Uncommon areas of cardiovascular study have been boosted by $1.2 million funding awarded to University of Wollongong researchers.

Two UOW cardiovascular research projects have received funding as part of the NSW Department of Health’s $150 million Cardiovascular Research Capacity Program.

Distinguished Prof. David Adams studies the interaction between the heart and the nervous system. He was awarded $750,000 over three years from the program.

“A lot of people in the cardiac research field tend to focus on the cardiac muscle,” he said.

“When in actual fact you have this intrinsic nervous system or little brain that really controls the heart.”

Prof. Adams said the money would be used to train other researchers to study the heart’s intrinsic nervous system. He also wants to teach others to use a new optogenetics technology, which enables researchers to identify and record individual cells in the body.

“The technology allows us to do things we couldn’t have done ten years ago,” Prof. Adams said.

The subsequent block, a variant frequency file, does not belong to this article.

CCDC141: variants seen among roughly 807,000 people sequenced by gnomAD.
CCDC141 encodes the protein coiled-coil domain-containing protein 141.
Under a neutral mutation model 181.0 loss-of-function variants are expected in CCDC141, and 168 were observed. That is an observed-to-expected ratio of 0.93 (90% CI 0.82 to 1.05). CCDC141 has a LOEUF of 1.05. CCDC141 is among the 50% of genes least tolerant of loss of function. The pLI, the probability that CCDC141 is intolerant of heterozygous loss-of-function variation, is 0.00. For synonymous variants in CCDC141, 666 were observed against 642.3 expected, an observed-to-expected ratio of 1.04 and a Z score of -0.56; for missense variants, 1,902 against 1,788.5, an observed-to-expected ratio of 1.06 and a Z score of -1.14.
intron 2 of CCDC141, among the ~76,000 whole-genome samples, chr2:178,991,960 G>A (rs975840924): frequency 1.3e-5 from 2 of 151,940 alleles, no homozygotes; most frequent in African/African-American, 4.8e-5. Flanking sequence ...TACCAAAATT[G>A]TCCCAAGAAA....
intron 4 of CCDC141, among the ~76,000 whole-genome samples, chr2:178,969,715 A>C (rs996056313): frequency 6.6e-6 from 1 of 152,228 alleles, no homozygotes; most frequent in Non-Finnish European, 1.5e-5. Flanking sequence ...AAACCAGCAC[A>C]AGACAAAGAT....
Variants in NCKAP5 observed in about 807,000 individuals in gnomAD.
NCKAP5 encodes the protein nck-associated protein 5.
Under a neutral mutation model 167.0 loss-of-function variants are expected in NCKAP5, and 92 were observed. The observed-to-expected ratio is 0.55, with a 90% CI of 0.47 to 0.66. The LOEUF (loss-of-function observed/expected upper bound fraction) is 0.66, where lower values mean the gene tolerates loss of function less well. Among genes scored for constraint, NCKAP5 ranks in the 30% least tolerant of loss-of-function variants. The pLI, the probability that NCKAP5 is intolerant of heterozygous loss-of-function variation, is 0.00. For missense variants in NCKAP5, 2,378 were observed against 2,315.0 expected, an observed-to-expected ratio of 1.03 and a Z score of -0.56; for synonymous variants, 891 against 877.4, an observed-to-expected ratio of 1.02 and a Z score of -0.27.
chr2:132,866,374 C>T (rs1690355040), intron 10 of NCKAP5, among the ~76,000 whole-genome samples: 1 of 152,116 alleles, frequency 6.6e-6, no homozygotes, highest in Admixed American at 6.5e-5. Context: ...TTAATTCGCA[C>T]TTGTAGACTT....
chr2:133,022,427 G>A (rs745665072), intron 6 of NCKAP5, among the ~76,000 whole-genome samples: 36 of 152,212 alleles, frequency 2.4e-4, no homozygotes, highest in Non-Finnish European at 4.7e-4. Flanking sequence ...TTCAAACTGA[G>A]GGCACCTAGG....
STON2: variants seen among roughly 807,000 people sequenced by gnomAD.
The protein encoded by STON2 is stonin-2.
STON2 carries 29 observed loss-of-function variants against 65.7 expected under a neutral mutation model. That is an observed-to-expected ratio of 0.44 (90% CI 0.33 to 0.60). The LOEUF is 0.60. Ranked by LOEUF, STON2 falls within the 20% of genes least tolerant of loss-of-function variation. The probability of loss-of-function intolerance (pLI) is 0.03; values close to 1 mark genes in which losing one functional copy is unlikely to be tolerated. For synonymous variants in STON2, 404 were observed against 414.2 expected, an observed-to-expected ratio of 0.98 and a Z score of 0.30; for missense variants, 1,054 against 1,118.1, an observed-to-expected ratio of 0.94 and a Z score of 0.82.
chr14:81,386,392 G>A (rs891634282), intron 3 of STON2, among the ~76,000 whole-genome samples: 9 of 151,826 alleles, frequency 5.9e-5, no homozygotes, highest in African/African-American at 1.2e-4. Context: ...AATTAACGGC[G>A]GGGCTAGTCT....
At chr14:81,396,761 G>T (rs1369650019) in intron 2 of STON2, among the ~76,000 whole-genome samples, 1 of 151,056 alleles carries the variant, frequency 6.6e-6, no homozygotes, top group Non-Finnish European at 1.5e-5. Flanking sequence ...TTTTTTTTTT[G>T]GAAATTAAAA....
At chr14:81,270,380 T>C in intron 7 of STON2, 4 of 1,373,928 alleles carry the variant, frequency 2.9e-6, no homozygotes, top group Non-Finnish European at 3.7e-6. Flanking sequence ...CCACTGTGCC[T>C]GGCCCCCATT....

“I want to train students and post-docs [in] how to use this preparation because there’s still a lot we don’t know.”

Dr Monique Francois received $450,000 as part of the program’s Early-Mid Career Researcher Grant, which she would fund a state-wide clinical study into lifestyle treatment for preventing cardiovascular disease in patients with type 2 diabetes.

“We’re looking at a diet intervention, an exercise intervention, and another one where they’re combined to see if they can improve cardiovascular risk factors,” she said.

“It’s going to inform public health guidelines on treatment strategies that can reduce cardiovascular disease.”

Dr Francois said a lack of funding meant there were not enough clinical studies in the research field.

“The problem at the moment is that there are lots of really small studies that have looked at this, but they are too small for us to use them as a public health intervention,” she said.

“The funding will allow us to actually intervene this and put it into a real living study that can hopefully inform healthcare.”

The Cardiovascular Research Capacity Program supports cardiovascular research in New South Wales. This year, $20 million worth of grants were awarded out of a $150 million investment.